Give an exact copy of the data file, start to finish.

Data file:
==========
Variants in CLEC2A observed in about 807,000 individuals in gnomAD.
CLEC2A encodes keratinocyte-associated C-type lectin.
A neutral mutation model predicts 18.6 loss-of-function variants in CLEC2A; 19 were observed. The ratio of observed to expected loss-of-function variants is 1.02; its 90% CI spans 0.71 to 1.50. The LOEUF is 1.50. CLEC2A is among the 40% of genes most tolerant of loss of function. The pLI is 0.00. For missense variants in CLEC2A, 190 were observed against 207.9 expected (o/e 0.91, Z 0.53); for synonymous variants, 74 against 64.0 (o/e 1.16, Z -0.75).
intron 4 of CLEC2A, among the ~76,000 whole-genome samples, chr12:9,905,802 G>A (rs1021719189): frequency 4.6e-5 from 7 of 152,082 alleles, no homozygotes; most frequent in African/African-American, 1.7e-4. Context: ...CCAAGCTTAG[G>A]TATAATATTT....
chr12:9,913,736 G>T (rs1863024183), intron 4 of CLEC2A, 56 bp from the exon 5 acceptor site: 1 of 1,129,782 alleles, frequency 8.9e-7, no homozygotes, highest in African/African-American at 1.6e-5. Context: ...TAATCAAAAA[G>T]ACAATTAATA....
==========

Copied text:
Variants in CLEC2A observed in about 807,000 individuals in gnomAD.
CLEC2A encodes keratinocyte-associated C-type lectin.
A neutral mutation model predicts 18.6 loss-of-function variants in CLEC2A; 19 were observed. The ratio of observed to expected loss-of-function variants is 1.02; its 90% CI spans 0.71 to 1.50. The LOEUF is 1.50. CLEC2A is among the 40% of genes most tolerant of loss of function. The pLI is 0.00. For missense variants in CLEC2A, 190 were observed against 207.9 expected (o/e 0.91, Z 0.53); for synonymous variants, 74 against 64.0 (o/e 1.16, Z -0.75).
intron 4 of CLEC2A, among the ~76,000 whole-genome samples, chr12:9,905,802 G>A (rs1021719189): frequency 4.6e-5 from 7 of 152,082 alleles, no homozygotes; most frequent in African/African-American, 1.7e-4. Context: ...CCAAGCTTAG[G>A]TATAATATTT....
chr12:9,913,736 G>T (rs1863024183), intron 4 of CLEC2A, 56 bp from the exon 5 acceptor site: 1 of 1,129,782 alleles, frequency 8.9e-7, no homozygotes, highest in African/African-American at 1.6e-5. Context: ...TAATCAAAAA[G>T]ACAATTAATA....